This is probably going to be my most unpopular step, because this time of the year people LOVE cap room and hate guys who have warts in their game (which is quite true of all three of these guys).

However, I’m having a tough time removing three guys who can fulfill certain roles when the defense is already (in my opinion) hurting for talent.

Dee Ford is on the shortest leash of all three because of the potential in-house replacement already existing in Tanoh Kpassagnon. Tanoh flashed in spots and was significantly better than Ford ever was as a rookie, but clearly has a ways to go in his development. Because of that, I’d like for them to hang on to Ford until they see how things look with Tanoh early next year.

However, regardless of how Tanoh looks it may make sense to keep Ford. The Chiefs are starving for pass rushers, and that was clearly apparent at times this season (Bob Sutton has not, in my opinion, helped matters, but that’s a different article). Ford is a liability against the run, but he can contribute to the pass rush. In the NFL, it’s incredibly difficult to add genuinely good pass rushers in free agency, as they are nearly always franchised or command insane money.

In a perfect world, the Chiefs would be able to find a pass rusher capable of helping on the edge, but I just don’t see it. While Ford isn’t a great pass rusher, he’s capable in that area (you can see him making a quiet, if unspectacular impact early in the season if you go back and watch). Outside of Justin Houston and Chris Jones, the Chiefs don’t have anyone who can consistently get pressure on the quarterback, so letting a guy like Ford walk just doesn’t work for me, even at the savings he brings.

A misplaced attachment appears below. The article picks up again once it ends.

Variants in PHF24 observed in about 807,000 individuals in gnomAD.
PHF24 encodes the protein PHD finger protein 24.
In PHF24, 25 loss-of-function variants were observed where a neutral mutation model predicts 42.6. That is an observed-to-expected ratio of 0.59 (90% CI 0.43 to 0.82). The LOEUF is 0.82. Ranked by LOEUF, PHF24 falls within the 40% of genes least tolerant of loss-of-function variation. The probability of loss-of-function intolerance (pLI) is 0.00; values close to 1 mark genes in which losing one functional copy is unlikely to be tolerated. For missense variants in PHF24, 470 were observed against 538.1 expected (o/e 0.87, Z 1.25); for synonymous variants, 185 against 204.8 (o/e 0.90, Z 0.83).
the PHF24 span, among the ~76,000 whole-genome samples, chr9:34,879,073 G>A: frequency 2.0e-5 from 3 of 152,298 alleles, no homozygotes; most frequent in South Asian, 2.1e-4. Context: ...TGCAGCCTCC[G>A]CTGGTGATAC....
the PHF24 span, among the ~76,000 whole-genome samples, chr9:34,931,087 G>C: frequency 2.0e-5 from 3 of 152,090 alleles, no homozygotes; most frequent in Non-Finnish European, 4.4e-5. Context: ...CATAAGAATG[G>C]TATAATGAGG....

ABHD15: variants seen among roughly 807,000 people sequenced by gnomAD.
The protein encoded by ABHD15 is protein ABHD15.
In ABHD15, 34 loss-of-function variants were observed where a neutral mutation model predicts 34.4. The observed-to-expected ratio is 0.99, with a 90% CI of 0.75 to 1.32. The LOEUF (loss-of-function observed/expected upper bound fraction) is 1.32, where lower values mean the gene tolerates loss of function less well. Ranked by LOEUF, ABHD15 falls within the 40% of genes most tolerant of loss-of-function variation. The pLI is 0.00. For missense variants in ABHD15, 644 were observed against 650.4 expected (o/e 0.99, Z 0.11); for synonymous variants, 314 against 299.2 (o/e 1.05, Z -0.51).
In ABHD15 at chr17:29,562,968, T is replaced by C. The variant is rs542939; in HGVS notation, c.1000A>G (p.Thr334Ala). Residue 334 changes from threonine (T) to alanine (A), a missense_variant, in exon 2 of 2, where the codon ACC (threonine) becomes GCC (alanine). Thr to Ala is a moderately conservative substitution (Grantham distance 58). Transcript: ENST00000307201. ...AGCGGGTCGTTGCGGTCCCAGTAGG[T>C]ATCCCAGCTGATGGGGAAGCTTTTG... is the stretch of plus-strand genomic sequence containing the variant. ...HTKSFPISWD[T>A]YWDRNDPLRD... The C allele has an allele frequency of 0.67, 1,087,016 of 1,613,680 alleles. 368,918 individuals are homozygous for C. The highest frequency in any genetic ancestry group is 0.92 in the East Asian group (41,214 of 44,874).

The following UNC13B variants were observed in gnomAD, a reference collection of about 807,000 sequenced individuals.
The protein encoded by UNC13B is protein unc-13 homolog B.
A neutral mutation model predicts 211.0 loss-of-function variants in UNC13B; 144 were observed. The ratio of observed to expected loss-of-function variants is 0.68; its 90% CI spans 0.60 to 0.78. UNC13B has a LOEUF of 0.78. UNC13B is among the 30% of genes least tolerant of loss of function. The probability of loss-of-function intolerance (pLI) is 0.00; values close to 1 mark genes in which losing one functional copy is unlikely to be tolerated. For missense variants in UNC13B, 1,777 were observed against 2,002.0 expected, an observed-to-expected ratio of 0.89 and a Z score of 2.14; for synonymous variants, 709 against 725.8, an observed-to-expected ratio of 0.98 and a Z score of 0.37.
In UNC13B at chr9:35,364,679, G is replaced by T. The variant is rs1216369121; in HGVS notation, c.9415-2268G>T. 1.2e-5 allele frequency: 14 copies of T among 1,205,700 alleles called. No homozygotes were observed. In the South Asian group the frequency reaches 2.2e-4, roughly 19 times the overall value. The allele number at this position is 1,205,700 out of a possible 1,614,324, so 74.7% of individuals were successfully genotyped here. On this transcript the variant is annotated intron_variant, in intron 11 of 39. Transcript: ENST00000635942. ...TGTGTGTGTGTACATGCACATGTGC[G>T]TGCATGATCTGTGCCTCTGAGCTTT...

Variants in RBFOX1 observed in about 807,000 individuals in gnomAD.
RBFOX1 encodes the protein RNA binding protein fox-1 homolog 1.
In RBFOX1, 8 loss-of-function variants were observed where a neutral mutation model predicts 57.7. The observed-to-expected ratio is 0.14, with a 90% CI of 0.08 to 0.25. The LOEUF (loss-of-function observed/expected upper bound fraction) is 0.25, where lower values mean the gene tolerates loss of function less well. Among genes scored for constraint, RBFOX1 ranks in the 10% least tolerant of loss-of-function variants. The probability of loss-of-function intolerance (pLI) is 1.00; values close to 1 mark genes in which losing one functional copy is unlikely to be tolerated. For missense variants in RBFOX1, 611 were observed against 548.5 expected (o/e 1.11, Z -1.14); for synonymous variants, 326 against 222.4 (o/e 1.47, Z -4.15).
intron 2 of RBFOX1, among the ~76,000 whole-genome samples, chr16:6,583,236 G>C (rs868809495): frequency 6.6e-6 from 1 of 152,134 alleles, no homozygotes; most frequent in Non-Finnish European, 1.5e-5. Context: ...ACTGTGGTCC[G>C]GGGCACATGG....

It’s a similar analysis for Revis. Quite simply, at this point the Chiefs don’t have anyone else I trust to fill in at corner. Terrance Mitchell didn’t take a step forward in 2017, Steven Nelson isn’t much more than OK, and the rest of the roster has yet to show anything opposite Marcus Peters.

Yes, I’ve seen the gifs/videos of Revis not putting forth effort on a couple of the final plays against the Titans. I completely understand it leaving a sour taste in fans’ mouths having him back next year. But for me, the question is simple: did you see what happened with the passing defense early last year? And did you see the improvement when Revis entered? Because I saw both.

Again, this is more a matter of not weakening the defense too much. For now, without a viable replacement, I can’t get on board with leaving Revis out of next year’s plans.

Ron Parker has yet again the same analysis. His tackling was poor in 2017, but he remains a guy who is generally reliable in coverage and was often asked to do too much while Daniel Sorensen and Eric Murray struggled. Given the issues depth at safety, I can’t be all right parting ways with a guy who has useful skills. I know people are hopeful for Leon McQuay, but I’ve seen the “hope a young developmental guy finally stays healthy and looks great” play before. I don’t want to rely on that.

The reality is that the Chiefs have plenty of holes to fill on defense, and getting rid of those three guys makes it even more complicated (though with a good argument I could be talked into it with Ford or perhaps Revis.

$30 million in cap space provides plenty of room for the Chiefs to find upgrades at weak spots along the roster (defensive line, pass rusher and corner being the places I’d look hardest, as well as perhaps tight end and wide receiver) as well as extend some contracts. IF they are able to upgrade at certain spots, then it may make sense to part ways with any of the three guys listed above (which in turn would allow them to further upgrade the roster, and on it goes).

But for now, these moves will allow Kansas City to move out of “no way to sign anyone” territory and be aggressive to upgrade what is already a talented roster.